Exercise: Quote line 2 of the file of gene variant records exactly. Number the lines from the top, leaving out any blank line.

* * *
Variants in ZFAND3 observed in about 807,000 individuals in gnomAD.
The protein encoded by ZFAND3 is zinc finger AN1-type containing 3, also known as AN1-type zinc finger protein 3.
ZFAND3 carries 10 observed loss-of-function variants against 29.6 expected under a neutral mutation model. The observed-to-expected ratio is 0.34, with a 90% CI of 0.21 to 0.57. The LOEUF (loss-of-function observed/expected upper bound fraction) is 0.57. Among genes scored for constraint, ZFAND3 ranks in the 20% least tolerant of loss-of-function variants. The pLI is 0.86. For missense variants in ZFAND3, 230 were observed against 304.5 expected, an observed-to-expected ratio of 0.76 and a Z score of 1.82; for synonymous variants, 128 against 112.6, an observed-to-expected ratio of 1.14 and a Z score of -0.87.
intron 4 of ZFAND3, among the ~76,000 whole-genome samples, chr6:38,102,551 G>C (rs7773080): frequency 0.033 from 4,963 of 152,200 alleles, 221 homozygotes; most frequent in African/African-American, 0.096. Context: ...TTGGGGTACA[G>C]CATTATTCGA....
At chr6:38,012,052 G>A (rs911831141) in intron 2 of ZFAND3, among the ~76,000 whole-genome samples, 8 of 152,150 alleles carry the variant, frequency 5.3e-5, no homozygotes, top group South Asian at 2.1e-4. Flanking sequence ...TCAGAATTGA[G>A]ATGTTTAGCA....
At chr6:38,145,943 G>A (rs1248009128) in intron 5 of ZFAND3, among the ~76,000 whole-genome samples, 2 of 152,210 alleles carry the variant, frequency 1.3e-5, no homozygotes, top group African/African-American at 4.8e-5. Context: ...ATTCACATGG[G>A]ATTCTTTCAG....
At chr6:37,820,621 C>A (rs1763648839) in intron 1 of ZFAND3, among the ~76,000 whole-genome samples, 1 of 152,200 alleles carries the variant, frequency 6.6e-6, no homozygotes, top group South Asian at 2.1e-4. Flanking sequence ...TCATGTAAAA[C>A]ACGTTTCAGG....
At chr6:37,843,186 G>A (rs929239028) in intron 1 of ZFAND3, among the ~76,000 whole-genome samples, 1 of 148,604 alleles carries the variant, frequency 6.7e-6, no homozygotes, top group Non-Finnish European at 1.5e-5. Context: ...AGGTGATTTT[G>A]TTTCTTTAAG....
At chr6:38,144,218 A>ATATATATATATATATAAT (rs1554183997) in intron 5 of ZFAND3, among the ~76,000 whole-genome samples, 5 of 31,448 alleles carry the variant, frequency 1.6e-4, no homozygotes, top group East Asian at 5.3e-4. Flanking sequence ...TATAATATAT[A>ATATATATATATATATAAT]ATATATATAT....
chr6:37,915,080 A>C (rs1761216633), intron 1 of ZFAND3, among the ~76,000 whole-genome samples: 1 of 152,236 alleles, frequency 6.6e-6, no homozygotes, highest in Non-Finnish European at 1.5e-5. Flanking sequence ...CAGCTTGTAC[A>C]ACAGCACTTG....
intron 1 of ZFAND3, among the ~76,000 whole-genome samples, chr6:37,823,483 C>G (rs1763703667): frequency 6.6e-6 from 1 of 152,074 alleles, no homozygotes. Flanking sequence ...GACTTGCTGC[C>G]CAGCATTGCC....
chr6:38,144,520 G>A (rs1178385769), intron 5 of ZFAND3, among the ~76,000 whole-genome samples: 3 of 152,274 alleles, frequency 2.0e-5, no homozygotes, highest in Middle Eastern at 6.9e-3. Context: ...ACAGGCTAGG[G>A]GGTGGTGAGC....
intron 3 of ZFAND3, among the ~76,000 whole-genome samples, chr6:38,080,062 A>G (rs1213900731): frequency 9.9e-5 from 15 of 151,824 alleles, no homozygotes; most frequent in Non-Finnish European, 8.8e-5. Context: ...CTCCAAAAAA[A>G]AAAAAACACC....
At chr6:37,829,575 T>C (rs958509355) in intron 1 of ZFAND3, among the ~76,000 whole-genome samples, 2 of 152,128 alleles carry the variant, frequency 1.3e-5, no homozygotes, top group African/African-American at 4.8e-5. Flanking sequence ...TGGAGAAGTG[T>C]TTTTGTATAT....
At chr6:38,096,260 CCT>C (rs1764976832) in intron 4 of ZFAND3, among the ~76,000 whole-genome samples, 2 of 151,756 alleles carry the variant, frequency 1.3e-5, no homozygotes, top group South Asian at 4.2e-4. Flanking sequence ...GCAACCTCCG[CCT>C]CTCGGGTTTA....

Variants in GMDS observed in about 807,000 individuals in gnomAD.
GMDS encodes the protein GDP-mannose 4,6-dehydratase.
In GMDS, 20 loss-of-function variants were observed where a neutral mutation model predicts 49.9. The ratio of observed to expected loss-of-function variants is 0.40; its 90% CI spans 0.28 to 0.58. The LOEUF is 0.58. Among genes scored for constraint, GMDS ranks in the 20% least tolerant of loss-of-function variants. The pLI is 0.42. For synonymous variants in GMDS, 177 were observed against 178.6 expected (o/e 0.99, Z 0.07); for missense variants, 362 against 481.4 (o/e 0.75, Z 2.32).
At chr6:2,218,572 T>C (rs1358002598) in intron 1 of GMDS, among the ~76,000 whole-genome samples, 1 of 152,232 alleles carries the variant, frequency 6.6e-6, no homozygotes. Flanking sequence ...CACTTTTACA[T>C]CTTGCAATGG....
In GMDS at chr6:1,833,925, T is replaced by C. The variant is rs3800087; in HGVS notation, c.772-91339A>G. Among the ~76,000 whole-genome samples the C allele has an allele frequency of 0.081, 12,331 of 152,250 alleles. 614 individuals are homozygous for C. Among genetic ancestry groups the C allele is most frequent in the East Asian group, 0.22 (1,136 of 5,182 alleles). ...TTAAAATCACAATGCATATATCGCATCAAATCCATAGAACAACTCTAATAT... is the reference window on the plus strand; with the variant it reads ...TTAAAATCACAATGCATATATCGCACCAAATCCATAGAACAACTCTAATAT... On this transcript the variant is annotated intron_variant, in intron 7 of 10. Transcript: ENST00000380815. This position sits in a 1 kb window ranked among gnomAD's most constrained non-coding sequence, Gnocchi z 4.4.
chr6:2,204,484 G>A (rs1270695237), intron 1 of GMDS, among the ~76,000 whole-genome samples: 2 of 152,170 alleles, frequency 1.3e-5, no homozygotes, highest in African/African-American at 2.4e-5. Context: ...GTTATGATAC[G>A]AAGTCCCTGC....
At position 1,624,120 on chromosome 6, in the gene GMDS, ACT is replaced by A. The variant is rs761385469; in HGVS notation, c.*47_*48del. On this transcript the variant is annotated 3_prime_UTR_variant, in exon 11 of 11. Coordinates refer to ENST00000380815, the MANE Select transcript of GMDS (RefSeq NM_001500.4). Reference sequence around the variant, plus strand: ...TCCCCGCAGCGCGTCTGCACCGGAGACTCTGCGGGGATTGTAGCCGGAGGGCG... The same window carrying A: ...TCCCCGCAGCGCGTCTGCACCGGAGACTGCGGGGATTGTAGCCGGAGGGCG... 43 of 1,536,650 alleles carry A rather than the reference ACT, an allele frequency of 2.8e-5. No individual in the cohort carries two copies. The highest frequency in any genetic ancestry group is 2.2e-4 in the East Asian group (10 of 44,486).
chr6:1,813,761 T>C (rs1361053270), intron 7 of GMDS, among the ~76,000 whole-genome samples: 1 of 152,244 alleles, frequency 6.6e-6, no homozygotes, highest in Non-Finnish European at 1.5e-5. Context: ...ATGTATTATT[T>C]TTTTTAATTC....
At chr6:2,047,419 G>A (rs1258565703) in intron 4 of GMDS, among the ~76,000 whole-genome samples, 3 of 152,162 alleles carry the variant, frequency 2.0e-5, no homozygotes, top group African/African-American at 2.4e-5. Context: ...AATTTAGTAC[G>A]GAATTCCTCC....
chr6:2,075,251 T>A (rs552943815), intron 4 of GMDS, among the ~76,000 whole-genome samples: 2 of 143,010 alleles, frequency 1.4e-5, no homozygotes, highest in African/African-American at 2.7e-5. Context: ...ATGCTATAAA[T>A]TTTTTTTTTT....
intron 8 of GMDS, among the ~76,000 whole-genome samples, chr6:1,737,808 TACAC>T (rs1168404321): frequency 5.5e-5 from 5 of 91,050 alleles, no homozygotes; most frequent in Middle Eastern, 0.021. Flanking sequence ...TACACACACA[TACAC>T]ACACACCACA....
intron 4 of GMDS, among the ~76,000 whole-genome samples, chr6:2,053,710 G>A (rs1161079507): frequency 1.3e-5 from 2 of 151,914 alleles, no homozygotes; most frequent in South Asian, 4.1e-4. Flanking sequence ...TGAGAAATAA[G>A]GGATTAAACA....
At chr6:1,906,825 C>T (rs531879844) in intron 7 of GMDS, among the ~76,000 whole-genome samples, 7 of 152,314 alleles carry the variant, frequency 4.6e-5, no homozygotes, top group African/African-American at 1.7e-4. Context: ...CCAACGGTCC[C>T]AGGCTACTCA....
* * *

The protein encoded by ZFAND3 is zinc finger AN1-type containing 3, also known as AN1-type zinc finger protein 3.